• by William Mougayar
    Venture advisor, 4x entrepreneur, marketer & strategist. I live in Toronto, curate a lot, blog a bit, and help startups.

The Biggest Blindspot of a Startup CEO is Ignoring Their Brand

Ceo leadershipI’ve been critical of startup CEO’s whose startup has traction, but they can’t seem to rise-up to make their company great by recognizing that elevating their company’s brand is their job, not the marketing department’s.

Traction, users and early revenue is a God’s gift to a startup, and it is a fuel that lets you go to the next level. How you take advantage of that is a key question.

It was heartening to read that Brian Chesky, one of my favorite startup CEO’s has 3 priorities he passionately focuses on: Product, Brand, Culture. It is no coincidence that these 3 areas represent the 3 poles of a company’s structure: its users (product), its market (brand), and its employees (culture).

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In addition to the confirmatory point that Brian Chesky is pro-active at being the bearer of the Airbnb brand, it is not a coincidence either that Airbnb’s valuation ranks as one of the highest among startups, on a per employee basis, with a respectable #4 position in private companies (behind off-the-charts Snapchat, then WeWork and Pinterest, and ahead of UBER). This confirms pretty much what I have recently written in my post, Why a Strong Brand Means Higher Growth and Better Valuation for your Startup.

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The Fortune article that chronicled The Education of Airbnb’s Brian Chesky is a fascinating read, offering an insightful roadmap and inspiration to any young startup CEO who needs to rise-up, and has a calling to become a leader. In my opinion, Brian’s self-aware roundedness is the new Tech CEO archetype, not someone who came from product management necessarily.

Brian Chesky self-educated himself at age 33, as a first-time CEO, as he became obsessed with figuring how what he needed to learn. I know that exact feeling, because at 27, when I became a young manager at HP, I started devouring every management and leadership book I could find, and got help from other more senior managers. As a manager, if you don’t obsess with mastering Management, then I’m not sure what is more important than that.

The other key thing about the Fortune article is that Brian Chesky decided to take his mentorship up, not sideways. I see a lot of emphasis in startups on peer groups for support and learnings, and although peer groups are great, you won’t learn something if your peers haven’t yet experienced it, and you certainly won’t get the depth and breadth of knowledge from more seasoned mentors. Brian Chesky went to Warren Buffett, George Tenet, Sheryl Sandberg, the CEO of Disney and Jony Ive chief design officer at Apple.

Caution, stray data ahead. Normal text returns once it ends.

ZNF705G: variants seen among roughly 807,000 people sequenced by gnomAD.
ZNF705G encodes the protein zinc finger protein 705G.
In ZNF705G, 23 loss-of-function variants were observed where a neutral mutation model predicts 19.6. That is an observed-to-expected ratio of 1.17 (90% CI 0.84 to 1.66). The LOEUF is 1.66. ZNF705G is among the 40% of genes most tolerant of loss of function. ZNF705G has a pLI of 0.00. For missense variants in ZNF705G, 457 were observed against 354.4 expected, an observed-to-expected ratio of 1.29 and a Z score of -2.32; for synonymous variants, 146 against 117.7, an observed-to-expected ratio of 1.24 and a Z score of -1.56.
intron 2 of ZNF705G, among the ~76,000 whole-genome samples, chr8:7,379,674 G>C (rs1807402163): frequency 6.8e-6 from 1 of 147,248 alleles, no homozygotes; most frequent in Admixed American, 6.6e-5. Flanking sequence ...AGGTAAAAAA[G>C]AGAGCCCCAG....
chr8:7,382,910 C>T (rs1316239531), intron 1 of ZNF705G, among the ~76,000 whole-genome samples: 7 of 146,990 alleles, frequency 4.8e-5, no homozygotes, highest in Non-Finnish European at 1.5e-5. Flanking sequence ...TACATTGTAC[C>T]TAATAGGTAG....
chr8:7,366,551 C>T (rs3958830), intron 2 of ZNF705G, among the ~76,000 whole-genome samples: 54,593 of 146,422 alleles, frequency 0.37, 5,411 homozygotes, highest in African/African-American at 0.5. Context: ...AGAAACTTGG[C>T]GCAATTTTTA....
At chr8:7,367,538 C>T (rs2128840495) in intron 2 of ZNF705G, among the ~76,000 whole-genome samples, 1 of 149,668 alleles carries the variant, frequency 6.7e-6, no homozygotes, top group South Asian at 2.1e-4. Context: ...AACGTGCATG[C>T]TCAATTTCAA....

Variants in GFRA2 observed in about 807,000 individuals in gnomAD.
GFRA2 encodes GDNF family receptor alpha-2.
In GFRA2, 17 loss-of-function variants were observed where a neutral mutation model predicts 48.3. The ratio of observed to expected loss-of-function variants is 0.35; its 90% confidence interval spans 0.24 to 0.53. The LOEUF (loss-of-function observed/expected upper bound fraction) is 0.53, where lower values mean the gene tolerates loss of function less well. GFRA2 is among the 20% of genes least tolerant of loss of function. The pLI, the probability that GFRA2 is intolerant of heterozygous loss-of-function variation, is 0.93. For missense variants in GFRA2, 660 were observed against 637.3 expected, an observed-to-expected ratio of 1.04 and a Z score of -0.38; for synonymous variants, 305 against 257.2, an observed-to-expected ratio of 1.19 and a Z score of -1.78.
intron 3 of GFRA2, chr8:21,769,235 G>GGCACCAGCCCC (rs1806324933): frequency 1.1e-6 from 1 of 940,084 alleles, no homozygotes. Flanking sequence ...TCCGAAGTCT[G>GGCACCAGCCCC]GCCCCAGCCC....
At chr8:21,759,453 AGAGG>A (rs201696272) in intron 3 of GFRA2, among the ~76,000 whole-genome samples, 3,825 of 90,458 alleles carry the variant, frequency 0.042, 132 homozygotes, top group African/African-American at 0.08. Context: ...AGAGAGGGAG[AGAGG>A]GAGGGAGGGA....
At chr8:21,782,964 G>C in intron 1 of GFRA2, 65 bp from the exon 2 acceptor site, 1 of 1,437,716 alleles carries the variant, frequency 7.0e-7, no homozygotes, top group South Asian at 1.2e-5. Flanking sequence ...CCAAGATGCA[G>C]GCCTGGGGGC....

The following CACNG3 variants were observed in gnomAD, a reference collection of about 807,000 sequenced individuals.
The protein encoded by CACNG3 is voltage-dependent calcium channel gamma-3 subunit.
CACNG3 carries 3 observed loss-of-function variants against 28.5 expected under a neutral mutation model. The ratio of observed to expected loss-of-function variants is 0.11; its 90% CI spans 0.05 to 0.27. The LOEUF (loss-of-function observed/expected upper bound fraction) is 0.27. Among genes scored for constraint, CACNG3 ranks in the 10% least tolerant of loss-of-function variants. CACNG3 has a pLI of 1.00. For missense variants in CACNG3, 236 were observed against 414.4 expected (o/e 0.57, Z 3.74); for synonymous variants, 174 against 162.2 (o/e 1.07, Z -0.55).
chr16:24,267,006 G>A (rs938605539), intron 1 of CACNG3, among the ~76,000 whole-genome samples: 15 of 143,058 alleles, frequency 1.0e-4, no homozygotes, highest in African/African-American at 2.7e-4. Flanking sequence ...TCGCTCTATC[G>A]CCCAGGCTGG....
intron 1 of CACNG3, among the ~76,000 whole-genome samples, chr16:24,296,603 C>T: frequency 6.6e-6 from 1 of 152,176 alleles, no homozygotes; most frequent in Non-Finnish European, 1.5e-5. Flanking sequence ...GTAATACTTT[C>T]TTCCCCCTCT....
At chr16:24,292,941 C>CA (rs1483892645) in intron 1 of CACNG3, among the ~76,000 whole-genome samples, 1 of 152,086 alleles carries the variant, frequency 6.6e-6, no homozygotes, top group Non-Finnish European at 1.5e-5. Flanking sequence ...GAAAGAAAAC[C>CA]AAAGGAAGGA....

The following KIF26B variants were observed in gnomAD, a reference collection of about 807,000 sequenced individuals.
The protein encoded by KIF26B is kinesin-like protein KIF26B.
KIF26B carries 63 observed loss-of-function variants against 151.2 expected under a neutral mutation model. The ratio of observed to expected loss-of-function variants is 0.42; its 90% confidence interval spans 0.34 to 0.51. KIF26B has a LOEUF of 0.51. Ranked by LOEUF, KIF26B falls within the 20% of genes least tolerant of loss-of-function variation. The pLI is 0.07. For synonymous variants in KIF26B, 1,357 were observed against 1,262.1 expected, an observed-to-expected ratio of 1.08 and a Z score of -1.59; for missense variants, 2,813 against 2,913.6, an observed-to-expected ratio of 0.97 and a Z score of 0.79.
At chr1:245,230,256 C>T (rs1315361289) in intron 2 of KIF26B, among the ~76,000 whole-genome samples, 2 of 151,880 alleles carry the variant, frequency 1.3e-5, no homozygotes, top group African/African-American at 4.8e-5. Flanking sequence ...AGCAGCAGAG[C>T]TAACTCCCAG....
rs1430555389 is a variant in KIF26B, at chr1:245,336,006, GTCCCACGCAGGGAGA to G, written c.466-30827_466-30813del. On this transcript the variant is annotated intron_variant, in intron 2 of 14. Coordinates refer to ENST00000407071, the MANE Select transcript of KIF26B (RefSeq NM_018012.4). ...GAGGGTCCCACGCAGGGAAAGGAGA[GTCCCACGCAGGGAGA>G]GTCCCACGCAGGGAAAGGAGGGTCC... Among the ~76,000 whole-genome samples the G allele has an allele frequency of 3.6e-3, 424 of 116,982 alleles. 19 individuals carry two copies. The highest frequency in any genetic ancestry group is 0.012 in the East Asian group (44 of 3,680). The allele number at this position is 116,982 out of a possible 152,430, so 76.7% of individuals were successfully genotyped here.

Back to Chesky’s 3 priorities (Product, Brand, Culture), it is not unusual to see Product and Culture on the list of other startup CEO’s priorities. But it is less likely to see Brand on it. “Brand” is that blindspot that many startup CEO’s have if they don’t value its importance. Brand pulls you forward and it helps you grow. It is the CEO’s responsibility to be the brand ambassador. If they can’t, they have a problem. It is not just up to the marketing department. At some point in time, when your product/market fit is helping you grow, it is time to Focus Your Startup Marketing on the Mind, not the Product.

To all tech startup CEOs, my archetype is Brian Chesky. I previously lauded Airbnb for consciously working on their brand as they positioned themselves to be in the Hospitality business, and not in the spare room or sleeping-on-the-couch service. I am now impressed to see how Brian Chesky has become an original, self-taught, rounded leader that values the importance of his brand.

I will end this post with my favorite Brian Chesky quote from that Fortune article:

“Usually in a crisis you have to go left or right, and everyone wants to go middle. And middle is the storm…and they’re usually the worst decisions.”

Marketing is the same. You don’t get to it by consensus. You take bold positions with bold statements, and you forge your own path in the marketplace.

I hear a red flag when I ask a startup CEO about their marketing, and the answer I get is “my team will figure it out, they are working on it”, or “my team did a great job with the website”, as if they have outsourced their marketing. Well, as a CEO, if you are leaving marketing and your market perceptions to the marketing department, you are failing to rise up and be your own, authentic brand’s ambassador.

No one else but the CEO can be the standard bearer for their brand. Don’t let it be your blindspot.

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